Last week, as I shoveled out the brick of hard slush that a daylong parade of plow trucks had deposited at the end of my driveway, I managed a wry grin. At least, I think I was grinning … come to think of it, I may have been grimacing.
Tomorrow, I thought. Tomorrow will be the day. Today this is a pain in the rump. But tomorrow we’ll have tracking snow.
Ah, tracking snow. North country hunters and old-timers talk about tracking snow all the time. Down here, during the regular firearms season for deer hunters — essentially four weeks in November — the chance to head into the woods the morning after a snowstorm has dropped some fresh powder is much more rare.
Ideally, the snow would have fallen during the overnight hours, then stopped an hour before daybreak. That way, all the tracks we deer hunters found would have been fresh, and (had we been skilled enough) should have led to actual deer.
And sometimes, it works out that way. Just ask Registered Maine Guide Paul Laney of Grand Lake Stream. He emailed me a photo that showed how he spent his Thanksgiving morning.
“With 10 inches of fresh snow on the ground I set out before daylight in search of a big buck,” Laney wrote. “After looking at 20 different tracks I found the one I was looking for. I tracked the deer for five hours until I caught up to him.”
Laney’s deer was a monster 11-pointer that weighed 213 pounds. His closing remark: “Gotta love good tracking snow.”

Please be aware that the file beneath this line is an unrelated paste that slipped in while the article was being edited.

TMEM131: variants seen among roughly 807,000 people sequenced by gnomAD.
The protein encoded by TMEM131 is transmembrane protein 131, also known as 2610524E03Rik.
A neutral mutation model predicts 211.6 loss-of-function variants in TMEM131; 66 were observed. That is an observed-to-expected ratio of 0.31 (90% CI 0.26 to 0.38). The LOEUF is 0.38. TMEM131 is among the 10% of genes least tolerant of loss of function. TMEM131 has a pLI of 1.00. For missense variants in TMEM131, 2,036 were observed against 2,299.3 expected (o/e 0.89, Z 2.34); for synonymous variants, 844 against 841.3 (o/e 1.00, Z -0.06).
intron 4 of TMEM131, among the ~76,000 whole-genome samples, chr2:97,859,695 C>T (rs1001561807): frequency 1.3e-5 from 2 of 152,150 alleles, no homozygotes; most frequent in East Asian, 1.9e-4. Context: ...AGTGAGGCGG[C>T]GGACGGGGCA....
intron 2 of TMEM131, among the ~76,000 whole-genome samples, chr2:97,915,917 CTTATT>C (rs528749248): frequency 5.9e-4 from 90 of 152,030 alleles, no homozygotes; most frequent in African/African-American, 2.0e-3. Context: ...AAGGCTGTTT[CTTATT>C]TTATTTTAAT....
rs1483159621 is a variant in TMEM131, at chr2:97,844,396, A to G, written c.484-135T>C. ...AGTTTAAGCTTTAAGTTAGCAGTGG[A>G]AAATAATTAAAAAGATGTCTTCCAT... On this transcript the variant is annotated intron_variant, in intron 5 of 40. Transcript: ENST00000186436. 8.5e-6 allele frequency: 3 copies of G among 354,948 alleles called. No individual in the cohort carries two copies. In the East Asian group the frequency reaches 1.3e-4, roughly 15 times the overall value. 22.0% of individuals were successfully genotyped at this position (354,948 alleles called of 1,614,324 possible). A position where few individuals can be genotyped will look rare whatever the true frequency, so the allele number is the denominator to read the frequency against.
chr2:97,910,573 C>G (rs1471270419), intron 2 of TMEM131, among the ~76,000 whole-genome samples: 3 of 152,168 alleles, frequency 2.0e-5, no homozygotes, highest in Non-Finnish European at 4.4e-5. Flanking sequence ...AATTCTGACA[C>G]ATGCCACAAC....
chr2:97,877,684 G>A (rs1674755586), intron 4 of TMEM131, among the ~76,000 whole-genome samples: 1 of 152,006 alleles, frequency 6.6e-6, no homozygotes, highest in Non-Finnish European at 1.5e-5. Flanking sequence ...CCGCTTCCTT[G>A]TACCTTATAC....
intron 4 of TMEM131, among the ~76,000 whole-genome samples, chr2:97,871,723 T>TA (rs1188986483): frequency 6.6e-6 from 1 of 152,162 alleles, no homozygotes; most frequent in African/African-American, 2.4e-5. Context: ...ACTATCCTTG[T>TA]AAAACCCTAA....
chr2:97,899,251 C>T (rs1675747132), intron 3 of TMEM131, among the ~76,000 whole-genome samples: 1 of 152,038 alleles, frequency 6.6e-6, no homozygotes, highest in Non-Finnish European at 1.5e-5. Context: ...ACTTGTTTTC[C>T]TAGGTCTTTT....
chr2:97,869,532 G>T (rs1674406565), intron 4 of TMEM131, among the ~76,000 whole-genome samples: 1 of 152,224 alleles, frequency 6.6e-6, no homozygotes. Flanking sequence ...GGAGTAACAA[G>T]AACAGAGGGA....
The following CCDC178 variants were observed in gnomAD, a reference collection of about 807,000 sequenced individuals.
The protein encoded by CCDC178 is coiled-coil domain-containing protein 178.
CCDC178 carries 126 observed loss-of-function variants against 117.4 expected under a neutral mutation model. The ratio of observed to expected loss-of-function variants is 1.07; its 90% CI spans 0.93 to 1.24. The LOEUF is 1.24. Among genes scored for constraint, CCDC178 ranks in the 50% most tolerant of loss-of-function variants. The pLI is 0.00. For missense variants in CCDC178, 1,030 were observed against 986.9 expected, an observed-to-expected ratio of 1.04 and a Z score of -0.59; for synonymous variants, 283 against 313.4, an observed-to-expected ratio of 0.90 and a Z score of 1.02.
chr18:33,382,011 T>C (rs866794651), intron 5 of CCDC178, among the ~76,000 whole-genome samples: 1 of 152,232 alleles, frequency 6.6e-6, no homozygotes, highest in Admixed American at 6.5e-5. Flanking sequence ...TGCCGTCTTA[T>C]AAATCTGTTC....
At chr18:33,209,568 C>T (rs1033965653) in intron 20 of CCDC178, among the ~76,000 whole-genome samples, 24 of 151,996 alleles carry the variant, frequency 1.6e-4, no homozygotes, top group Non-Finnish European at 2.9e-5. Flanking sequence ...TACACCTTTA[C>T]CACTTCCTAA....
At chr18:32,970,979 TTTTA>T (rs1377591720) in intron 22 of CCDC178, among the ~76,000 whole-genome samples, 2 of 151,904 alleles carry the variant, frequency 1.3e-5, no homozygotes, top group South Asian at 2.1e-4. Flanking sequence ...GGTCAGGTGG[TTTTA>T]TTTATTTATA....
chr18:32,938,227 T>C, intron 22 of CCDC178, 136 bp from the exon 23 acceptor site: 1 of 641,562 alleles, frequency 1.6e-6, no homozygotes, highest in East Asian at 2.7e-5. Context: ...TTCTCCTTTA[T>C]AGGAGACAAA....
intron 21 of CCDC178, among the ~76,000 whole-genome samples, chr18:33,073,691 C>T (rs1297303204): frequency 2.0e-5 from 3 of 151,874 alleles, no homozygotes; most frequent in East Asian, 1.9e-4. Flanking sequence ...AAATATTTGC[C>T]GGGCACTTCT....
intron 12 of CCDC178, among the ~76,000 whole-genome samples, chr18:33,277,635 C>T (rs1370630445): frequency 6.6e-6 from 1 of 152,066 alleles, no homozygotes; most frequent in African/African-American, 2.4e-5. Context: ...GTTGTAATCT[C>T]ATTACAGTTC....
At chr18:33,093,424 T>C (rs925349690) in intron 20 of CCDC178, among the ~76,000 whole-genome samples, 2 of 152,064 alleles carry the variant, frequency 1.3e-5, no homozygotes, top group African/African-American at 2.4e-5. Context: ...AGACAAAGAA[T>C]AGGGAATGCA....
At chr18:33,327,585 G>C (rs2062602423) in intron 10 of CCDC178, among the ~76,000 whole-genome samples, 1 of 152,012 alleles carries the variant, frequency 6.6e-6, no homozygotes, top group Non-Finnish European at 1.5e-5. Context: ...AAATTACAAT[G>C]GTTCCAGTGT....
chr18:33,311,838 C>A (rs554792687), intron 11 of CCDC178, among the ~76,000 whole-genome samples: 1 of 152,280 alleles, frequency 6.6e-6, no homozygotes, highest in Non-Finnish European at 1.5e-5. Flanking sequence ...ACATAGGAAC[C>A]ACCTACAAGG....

There is, of course, a big difference between Paul Laney and me.
Paul Laney is a supremely skilled outdoorsman who spends most of his waking hours in the woods or on the water. I am a writer who learns more every day … by talking to people like Paul Laney.
Still, heading into the woods last week, I was encouraged. I, too, had 10 inches of fresh tracking snow to work with. I, too, was optimistic.
Unfortunately, I saw very little. At one point, I was enthusiastic: I saw tracks crossing the woods road not far from my stand. It turns out those belonged to a rabbit — perhaps the same snowshoe hare that I nearly stepped on earlier this season.
And there was one other spot where a small deer — or a big deer with very small feet, I suppose — had crossed. Other than that, there wasn’t much sign of deer.
Still, I have to say the day was pretty impressive. Branches bowed under the weight of the heavy snow, turning woods paths into breathtaking tunnels of white and green.
No, I never found a deer to track that morning. But when I left before noon, a turkey dinner in the offing, I had few regrets.
I’d tried. I’d had the chance to spend some time in the woods with a hunting buddy. And we did, for once, have some tracking snow.
Small victories, to be sure … but better than sitting around griping, as far as I’m concerned.